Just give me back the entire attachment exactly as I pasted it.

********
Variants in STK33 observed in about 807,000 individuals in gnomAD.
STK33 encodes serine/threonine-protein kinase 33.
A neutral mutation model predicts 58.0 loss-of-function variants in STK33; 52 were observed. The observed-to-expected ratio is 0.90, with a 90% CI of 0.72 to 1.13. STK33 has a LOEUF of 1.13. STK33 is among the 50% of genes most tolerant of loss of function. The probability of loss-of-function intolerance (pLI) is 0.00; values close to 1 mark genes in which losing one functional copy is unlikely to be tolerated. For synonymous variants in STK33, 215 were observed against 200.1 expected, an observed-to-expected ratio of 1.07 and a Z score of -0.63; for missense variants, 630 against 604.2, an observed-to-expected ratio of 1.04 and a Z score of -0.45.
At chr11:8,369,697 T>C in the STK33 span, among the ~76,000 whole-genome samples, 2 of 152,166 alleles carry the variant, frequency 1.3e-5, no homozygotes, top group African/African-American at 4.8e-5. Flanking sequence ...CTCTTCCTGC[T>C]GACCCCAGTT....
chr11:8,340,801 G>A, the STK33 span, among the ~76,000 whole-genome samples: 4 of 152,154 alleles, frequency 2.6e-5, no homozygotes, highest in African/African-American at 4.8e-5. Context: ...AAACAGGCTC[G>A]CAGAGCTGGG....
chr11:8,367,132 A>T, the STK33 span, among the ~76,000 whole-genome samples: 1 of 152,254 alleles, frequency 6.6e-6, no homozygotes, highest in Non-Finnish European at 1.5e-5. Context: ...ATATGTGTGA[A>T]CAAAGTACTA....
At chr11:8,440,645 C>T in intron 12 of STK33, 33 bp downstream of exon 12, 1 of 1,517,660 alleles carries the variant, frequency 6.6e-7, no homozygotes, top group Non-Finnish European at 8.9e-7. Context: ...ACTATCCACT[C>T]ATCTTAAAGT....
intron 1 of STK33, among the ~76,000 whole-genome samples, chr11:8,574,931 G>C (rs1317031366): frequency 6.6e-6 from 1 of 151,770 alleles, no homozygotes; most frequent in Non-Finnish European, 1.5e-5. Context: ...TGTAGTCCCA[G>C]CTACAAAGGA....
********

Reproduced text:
Variants in STK33 observed in about 807,000 individuals in gnomAD.
STK33 encodes serine/threonine-protein kinase 33.
A neutral mutation model predicts 58.0 loss-of-function variants in STK33; 52 were observed. The observed-to-expected ratio is 0.90, with a 90% CI of 0.72 to 1.13. STK33 has a LOEUF of 1.13. STK33 is among the 50% of genes most tolerant of loss of function. The probability of loss-of-function intolerance (pLI) is 0.00; values close to 1 mark genes in which losing one functional copy is unlikely to be tolerated. For synonymous variants in STK33, 215 were observed against 200.1 expected, an observed-to-expected ratio of 1.07 and a Z score of -0.63; for missense variants, 630 against 604.2, an observed-to-expected ratio of 1.04 and a Z score of -0.45.
At chr11:8,369,697 T>C in the STK33 span, among the ~76,000 whole-genome samples, 2 of 152,166 alleles carry the variant, frequency 1.3e-5, no homozygotes, top group African/African-American at 4.8e-5. Flanking sequence ...CTCTTCCTGC[T>C]GACCCCAGTT....
chr11:8,340,801 G>A, the STK33 span, among the ~76,000 whole-genome samples: 4 of 152,154 alleles, frequency 2.6e-5, no homozygotes, highest in African/African-American at 4.8e-5. Context: ...AAACAGGCTC[G>A]CAGAGCTGGG....
chr11:8,367,132 A>T, the STK33 span, among the ~76,000 whole-genome samples: 1 of 152,254 alleles, frequency 6.6e-6, no homozygotes, highest in Non-Finnish European at 1.5e-5. Context: ...ATATGTGTGA[A>T]CAAAGTACTA....
At chr11:8,440,645 C>T in intron 12 of STK33, 33 bp downstream of exon 12, 1 of 1,517,660 alleles carries the variant, frequency 6.6e-7, no homozygotes, top group Non-Finnish European at 8.9e-7. Context: ...ACTATCCACT[C>T]ATCTTAAAGT....
intron 1 of STK33, among the ~76,000 whole-genome samples, chr11:8,574,931 G>C (rs1317031366): frequency 6.6e-6 from 1 of 151,770 alleles, no homozygotes; most frequent in Non-Finnish European, 1.5e-5. Context: ...TGTAGTCCCA[G>C]CTACAAAGGA....